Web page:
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Complex - B

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Vitamin B Complex

Other common name(s): B vitamins; vitamins B1, B2, B3, B5, B6, B7, B9, and B12

B vitamins are essential for growth, development, and a variety of other bodily functions. They play a major role in the activities of enzymes, proteins that regulate chemical reactions in the body, which are important in turning food into energy and other needed substances. B vitamins are found in plant and animal food sources.

B vitamins are an important part of the diet and are needed to help avoid many health problems. But, with the exception of vitamin B9 (folic acid), there is not enough scientific evidence to know whether B vitamins can reduce the risk of cancer.
People with low intake of folic acid are at increased risk for certain types of cancer. A diet rich in vegetables containing this vitamin, and perhaps a daily multivitamin supplement containing the recommended daily value of folic acid is recommended by some experts in cancer prevention. (See our separate document, Folic Acid, for more information.)
Available scientific evidence does not support claims that any B vitamin is an effective treatment for people who already have cancer.

How is it promoted for use?
Scientists know that B vitamins are part of many important bodily functions:
- Vitamin B1 (thiamin) and vitamin B2 (riboflavin) help the body produce energy and affect enzymes that influence the muscles, nerves, and heart.
- Vitamin B3 (niacin) has a role in energy production in cells and helps keep the skin, nervous system, and digestive system healthy.
- Vitamin B5 (pantothenic acid) influences normal growth and development.
- Vitamin B6 (pyridoxine) helps the body break down protein and helps maintain the health of red blood cells, the nervous system, and parts of the immune system.
- Vitamin B7 (biotin) helps break down protein and carbohydrates and helps the body make hormones.
- Vitamin B9 (folic acid) helps the cells in the body make and maintain DNA and is important in the production of red blood cells.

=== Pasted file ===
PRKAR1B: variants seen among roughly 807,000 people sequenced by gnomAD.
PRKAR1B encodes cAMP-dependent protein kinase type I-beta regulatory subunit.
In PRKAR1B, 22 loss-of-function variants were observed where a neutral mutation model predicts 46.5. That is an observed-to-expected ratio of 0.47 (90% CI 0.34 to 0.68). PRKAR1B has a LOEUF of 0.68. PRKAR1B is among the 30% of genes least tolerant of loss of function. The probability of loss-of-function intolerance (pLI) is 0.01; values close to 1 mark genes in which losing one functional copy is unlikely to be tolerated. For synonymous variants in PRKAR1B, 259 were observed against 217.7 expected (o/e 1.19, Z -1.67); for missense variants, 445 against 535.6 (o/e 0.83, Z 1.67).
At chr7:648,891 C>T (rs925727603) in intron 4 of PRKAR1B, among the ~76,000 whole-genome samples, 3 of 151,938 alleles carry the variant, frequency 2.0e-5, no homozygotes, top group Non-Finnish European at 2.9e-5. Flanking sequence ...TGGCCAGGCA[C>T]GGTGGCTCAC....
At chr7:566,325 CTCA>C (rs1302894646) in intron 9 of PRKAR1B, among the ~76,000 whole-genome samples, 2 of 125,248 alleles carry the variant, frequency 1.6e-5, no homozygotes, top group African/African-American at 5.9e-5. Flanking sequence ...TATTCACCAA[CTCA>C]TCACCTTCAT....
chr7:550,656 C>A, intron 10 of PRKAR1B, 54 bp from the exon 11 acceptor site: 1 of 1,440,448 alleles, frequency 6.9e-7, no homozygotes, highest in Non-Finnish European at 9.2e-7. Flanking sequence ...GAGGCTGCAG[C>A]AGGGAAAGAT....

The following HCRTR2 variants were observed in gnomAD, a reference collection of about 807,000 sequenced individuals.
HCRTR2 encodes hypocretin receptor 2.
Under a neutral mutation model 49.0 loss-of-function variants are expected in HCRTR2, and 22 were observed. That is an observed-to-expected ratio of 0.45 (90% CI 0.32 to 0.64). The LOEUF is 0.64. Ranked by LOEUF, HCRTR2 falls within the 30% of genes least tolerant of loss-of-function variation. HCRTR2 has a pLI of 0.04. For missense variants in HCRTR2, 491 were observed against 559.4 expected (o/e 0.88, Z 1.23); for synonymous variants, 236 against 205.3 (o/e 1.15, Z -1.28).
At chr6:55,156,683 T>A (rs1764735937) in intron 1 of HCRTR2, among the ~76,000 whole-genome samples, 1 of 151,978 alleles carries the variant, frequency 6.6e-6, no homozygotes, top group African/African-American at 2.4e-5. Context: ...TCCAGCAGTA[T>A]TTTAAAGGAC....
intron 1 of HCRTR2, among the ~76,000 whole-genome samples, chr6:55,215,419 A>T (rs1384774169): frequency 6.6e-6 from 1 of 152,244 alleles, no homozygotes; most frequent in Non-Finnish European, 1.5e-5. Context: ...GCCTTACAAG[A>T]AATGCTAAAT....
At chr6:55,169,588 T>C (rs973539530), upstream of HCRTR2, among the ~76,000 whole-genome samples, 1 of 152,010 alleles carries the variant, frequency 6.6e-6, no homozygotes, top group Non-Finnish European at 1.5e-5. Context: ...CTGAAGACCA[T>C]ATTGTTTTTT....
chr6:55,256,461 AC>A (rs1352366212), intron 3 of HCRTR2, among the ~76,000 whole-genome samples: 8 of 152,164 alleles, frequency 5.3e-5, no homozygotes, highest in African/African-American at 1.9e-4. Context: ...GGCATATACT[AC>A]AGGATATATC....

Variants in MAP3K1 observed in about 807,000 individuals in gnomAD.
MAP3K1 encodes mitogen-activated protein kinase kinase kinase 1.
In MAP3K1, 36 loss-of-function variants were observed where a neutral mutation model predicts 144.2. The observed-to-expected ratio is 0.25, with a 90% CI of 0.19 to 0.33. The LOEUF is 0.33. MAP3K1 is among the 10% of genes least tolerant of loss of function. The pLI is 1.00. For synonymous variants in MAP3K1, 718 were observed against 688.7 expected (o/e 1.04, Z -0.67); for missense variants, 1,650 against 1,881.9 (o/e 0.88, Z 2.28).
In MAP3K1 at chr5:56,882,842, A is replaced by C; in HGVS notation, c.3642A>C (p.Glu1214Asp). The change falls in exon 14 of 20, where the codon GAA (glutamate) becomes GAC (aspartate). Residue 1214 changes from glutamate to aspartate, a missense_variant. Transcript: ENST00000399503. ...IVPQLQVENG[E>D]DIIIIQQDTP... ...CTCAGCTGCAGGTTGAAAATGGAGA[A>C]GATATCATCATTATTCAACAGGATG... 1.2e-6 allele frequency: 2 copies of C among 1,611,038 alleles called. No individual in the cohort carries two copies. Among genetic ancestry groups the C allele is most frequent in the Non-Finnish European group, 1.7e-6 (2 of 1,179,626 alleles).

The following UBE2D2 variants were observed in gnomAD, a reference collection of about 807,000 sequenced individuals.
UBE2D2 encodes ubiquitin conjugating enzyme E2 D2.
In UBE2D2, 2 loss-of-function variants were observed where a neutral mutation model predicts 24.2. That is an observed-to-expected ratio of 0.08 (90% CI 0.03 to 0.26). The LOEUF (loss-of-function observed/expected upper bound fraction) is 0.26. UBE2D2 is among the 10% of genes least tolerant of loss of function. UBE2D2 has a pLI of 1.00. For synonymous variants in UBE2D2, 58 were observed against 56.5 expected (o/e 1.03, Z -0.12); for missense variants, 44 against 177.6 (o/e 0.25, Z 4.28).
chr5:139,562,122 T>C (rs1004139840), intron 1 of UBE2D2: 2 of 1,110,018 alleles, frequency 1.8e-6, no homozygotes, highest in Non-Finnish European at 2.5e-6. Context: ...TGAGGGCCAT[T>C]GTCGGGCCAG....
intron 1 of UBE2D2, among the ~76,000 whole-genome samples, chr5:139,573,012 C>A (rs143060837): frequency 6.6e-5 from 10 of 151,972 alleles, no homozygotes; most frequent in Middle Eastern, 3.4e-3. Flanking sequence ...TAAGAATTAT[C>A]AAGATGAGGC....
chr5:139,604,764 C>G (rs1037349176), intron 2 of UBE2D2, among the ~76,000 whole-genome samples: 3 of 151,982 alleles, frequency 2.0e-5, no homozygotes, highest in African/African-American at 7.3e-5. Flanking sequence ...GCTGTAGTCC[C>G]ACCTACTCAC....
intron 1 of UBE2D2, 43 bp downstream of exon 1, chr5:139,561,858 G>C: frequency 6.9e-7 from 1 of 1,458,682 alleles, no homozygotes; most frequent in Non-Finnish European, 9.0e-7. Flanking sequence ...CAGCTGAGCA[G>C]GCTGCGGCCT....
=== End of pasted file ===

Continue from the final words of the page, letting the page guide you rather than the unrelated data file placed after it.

- Vitamin B12 (cobalamin) plays a role in the body's growth and development. It also has a part in producing blood cells, nervous system function, and how the body uses folic acid and carbohydrates.
- Deficiency of certain B vitamins can cause anemia, tiredness, loss of appetite, abdominal pain, depression, numbness and tingling in the arms and legs, muscle cramps, respiratory infections, hair loss, eczema, poor growth in children, and birth defects.
Some alternative medical practitioners claim that deficiencies in B vitamins weaken the immune system and make the body vulnerable to cancer. They recommend high doses of B vitamins as treatments for people with cancer. Many researchers are studying the relationships between vitamin intake and risk of developing certain cancers.

What does it involve?
Nutritionists maintain that a balanced diet that includes 5 daily servings of fruits and vegetables, as well as grains, gives most people with all the B vitamins they need. Only small amounts of these vitamins are needed to reach the recommended dietary intakes. But many people do not eat enough fruits, vegetables, or other healthy foods to get the recommended amounts. The National Academies of Science (NAS) recommends that adults over the age of 50 take B vitamin supplements, or eat foods enriched with these vitamins, in order to prevent deficiency, which is common in this age group.
Women who are pregnant or breast-feeding need more folic acid than others. The Public Health Service recommends that women of childbearing age who can become pregnant should consume at least 400 micrograms of folic acid daily through dietary supplements and fortified foods, in addition to a diet containing folate-rich foods, to help prevent certain birth defects in their children.

Food sources of B vitamins:
- B1 and B2 are found in cereals and whole grains. B1 is also found in potatoes, pork, seafood, liver, and kidney beans. B2 is found in enriched bread, dairy products, liver, and green leafy vegetables.
- B3 is found in liver, fish, chicken, lean red meat, nuts, whole grains, and dried beans.
- B5 is found in almost all foods.
- B6 is found in fish, liver, pork, chicken, potatoes, wheat germ, bananas, and dried beans.
- B7 is made by intestinal bacteria and is also in peanuts, liver, egg yolks, bananas, mushrooms, watermelon, and grapefruit.
- B9 is in green leafy vegetables, liver, citrus fruits, mushrooms, nuts, peas, dried beans, and wheat bread.
- B12 is found in eggs, meat, poultry, shellfish, milk, and milk products.
Supplements that contain several B vitamins, usually in combination with other nutrients, are sold in grocery stores, health food stores, and over the Internet in pill form. Dosages vary by manufacturer.

What is the history behind it?
While the diseases caused by vitamin deficiencies have been known for centuries, just about all of the B vitamins were discovered in the early 1900s. Since then, B vitamins have been studied to determine how they affect the human body.
As their importance and functions were clarified, the US government began recommending daily intake levels to promote and maintain good health. The current recommended levels are known as dietary reference intakes (DRIs).